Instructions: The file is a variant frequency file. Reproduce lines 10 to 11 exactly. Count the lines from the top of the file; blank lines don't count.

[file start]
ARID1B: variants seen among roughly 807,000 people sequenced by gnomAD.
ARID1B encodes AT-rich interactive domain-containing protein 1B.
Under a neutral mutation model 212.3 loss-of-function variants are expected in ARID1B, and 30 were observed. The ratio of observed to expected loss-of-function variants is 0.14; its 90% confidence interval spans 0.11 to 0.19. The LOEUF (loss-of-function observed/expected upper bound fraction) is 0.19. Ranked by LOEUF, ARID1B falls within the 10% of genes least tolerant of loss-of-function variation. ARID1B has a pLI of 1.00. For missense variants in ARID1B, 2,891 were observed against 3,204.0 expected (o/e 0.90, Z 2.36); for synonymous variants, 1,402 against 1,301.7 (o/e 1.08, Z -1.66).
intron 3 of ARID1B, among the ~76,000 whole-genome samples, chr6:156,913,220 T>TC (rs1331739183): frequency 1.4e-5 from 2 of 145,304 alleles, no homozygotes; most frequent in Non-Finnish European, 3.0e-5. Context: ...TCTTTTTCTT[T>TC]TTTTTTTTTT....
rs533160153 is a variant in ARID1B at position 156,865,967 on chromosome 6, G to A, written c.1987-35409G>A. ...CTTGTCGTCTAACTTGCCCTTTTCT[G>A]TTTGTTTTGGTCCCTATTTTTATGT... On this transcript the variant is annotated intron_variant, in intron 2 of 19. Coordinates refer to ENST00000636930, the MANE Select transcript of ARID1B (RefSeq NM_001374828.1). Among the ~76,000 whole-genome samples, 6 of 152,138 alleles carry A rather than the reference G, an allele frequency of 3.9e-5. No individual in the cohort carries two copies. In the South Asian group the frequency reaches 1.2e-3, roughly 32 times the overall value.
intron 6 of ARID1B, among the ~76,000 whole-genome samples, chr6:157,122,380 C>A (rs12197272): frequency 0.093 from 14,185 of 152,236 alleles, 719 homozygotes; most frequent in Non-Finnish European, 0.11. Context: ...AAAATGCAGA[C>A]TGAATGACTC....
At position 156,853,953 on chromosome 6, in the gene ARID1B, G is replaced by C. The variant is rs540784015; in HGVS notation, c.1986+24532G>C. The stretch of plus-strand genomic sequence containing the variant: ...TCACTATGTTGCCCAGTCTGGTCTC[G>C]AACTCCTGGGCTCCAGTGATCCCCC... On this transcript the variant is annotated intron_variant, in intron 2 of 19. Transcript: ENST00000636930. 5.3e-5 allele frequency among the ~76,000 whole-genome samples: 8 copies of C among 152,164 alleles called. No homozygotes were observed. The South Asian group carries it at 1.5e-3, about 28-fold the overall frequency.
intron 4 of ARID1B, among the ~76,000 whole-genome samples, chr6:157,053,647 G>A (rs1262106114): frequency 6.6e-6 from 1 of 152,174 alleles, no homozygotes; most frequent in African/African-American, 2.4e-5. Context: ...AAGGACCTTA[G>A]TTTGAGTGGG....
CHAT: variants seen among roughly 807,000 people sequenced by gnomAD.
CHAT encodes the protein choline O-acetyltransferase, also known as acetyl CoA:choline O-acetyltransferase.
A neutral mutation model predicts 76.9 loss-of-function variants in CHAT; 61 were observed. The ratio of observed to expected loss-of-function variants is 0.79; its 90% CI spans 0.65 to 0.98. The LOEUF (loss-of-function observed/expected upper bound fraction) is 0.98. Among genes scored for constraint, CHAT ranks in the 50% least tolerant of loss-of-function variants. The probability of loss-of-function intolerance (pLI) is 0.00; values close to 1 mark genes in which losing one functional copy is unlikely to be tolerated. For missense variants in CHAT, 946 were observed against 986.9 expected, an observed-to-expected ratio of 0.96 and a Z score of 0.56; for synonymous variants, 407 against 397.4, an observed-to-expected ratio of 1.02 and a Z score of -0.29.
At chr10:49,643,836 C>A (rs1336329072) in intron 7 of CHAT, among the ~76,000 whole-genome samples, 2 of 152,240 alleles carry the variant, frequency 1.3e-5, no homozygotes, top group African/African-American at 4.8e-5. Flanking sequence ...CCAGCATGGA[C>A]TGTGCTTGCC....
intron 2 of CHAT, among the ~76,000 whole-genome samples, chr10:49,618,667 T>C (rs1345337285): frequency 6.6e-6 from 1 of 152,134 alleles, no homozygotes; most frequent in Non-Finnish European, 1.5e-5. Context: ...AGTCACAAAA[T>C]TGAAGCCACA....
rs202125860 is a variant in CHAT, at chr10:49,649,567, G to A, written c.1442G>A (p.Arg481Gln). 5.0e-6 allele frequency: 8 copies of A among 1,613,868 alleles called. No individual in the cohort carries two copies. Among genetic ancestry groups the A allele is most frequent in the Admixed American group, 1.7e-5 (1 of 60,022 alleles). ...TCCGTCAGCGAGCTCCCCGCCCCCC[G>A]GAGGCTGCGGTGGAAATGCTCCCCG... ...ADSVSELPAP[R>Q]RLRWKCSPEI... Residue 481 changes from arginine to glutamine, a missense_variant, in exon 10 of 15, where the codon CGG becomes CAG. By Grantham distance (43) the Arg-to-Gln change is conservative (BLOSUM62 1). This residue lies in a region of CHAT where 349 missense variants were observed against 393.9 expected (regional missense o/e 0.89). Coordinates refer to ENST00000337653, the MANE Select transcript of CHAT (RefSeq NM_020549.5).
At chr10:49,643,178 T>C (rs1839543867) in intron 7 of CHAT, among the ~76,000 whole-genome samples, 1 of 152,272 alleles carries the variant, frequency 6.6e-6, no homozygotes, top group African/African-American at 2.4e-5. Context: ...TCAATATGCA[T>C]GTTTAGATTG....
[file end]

CHAT encodes the protein choline O-acetyltransferase, also known as acetyl CoA:choline O-acetyltransferase.
A neutral mutation model predicts 76.9 loss-of-function variants in CHAT; 61 were observed. The ratio of observed to expected loss-of-function variants is 0.79; its 90% CI spans 0.65 to 0.98. The LOEUF (loss-of-function observed/expected upper bound fraction) is 0.98. Among genes scored for constraint, CHAT ranks in the 50% least tolerant of loss-of-function variants. The probability of loss-of-function intolerance (pLI) is 0.00; values close to 1 mark genes in which losing one functional copy is unlikely to be tolerated. For missense variants in CHAT, 946 were observed against 986.9 expected, an observed-to-expected ratio of 0.96 and a Z score of 0.56; for synonymous variants, 407 against 397.4, an observed-to-expected ratio of 1.02 and a Z score of -0.29.